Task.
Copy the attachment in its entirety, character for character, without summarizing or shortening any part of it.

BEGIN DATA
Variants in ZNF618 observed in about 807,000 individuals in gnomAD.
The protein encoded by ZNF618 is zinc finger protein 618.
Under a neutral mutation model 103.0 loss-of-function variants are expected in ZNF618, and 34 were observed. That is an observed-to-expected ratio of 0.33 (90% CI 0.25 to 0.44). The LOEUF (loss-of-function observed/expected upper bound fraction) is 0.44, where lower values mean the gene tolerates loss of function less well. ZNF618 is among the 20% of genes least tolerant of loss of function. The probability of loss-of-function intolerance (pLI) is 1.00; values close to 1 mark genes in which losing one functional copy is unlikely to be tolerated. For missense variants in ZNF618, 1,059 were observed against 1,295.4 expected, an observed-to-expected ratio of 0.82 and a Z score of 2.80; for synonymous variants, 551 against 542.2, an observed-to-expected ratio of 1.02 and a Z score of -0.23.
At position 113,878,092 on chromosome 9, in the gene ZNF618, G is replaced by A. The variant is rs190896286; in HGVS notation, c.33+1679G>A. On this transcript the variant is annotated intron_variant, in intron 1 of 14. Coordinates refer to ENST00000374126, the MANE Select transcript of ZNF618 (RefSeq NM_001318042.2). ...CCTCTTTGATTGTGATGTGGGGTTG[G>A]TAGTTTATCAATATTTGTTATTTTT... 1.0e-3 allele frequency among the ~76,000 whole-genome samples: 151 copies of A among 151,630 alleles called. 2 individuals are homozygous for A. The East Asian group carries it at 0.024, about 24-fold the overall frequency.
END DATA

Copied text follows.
Variants in ZNF618 observed in about 807,000 individuals in gnomAD.
The protein encoded by ZNF618 is zinc finger protein 618.
Under a neutral mutation model 103.0 loss-of-function variants are expected in ZNF618, and 34 were observed. That is an observed-to-expected ratio of 0.33 (90% CI 0.25 to 0.44). The LOEUF (loss-of-function observed/expected upper bound fraction) is 0.44, where lower values mean the gene tolerates loss of function less well. ZNF618 is among the 20% of genes least tolerant of loss of function. The probability of loss-of-function intolerance (pLI) is 1.00; values close to 1 mark genes in which losing one functional copy is unlikely to be tolerated. For missense variants in ZNF618, 1,059 were observed against 1,295.4 expected, an observed-to-expected ratio of 0.82 and a Z score of 2.80; for synonymous variants, 551 against 542.2, an observed-to-expected ratio of 1.02 and a Z score of -0.23.
At position 113,878,092 on chromosome 9, in the gene ZNF618, G is replaced by A. The variant is rs190896286; in HGVS notation, c.33+1679G>A. On this transcript the variant is annotated intron_variant, in intron 1 of 14. Coordinates refer to ENST00000374126, the MANE Select transcript of ZNF618 (RefSeq NM_001318042.2). ...CCTCTTTGATTGTGATGTGGGGTTG[G>A]TAGTTTATCAATATTTGTTATTTTT... 1.0e-3 allele frequency among the ~76,000 whole-genome samples: 151 copies of A among 151,630 alleles called. 2 individuals are homozygous for A. The East Asian group carries it at 0.024, about 24-fold the overall frequency.